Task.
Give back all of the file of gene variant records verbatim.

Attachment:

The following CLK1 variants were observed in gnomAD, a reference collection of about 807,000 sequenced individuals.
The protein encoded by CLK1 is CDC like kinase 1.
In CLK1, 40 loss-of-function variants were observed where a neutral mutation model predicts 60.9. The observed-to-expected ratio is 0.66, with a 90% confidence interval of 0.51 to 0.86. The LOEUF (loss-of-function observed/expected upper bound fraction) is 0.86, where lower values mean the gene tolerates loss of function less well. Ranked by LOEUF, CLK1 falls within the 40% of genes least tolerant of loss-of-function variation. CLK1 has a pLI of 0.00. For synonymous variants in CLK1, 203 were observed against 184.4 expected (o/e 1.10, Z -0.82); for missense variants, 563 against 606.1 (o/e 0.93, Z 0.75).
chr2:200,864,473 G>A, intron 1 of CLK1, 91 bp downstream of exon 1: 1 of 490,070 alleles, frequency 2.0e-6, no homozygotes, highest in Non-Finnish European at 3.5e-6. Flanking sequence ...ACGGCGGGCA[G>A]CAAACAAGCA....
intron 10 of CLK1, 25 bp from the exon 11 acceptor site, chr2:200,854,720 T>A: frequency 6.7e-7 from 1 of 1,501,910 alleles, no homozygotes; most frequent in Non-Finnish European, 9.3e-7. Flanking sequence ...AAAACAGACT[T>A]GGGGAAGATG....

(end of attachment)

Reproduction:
The following CLK1 variants were observed in gnomAD, a reference collection of about 807,000 sequenced individuals.
The protein encoded by CLK1 is CDC like kinase 1.
In CLK1, 40 loss-of-function variants were observed where a neutral mutation model predicts 60.9. The observed-to-expected ratio is 0.66, with a 90% confidence interval of 0.51 to 0.86. The LOEUF (loss-of-function observed/expected upper bound fraction) is 0.86, where lower values mean the gene tolerates loss of function less well. Ranked by LOEUF, CLK1 falls within the 40% of genes least tolerant of loss-of-function variation. CLK1 has a pLI of 0.00. For synonymous variants in CLK1, 203 were observed against 184.4 expected (o/e 1.10, Z -0.82); for missense variants, 563 against 606.1 (o/e 0.93, Z 0.75).
chr2:200,864,473 G>A, intron 1 of CLK1, 91 bp downstream of exon 1: 1 of 490,070 alleles, frequency 2.0e-6, no homozygotes, highest in Non-Finnish European at 3.5e-6. Flanking sequence ...ACGGCGGGCA[G>A]CAAACAAGCA....
intron 10 of CLK1, 25 bp from the exon 11 acceptor site, chr2:200,854,720 T>A: frequency 6.7e-7 from 1 of 1,501,910 alleles, no homozygotes; most frequent in Non-Finnish European, 9.3e-7. Flanking sequence ...AAAACAGACT[T>A]GGGGAAGATG....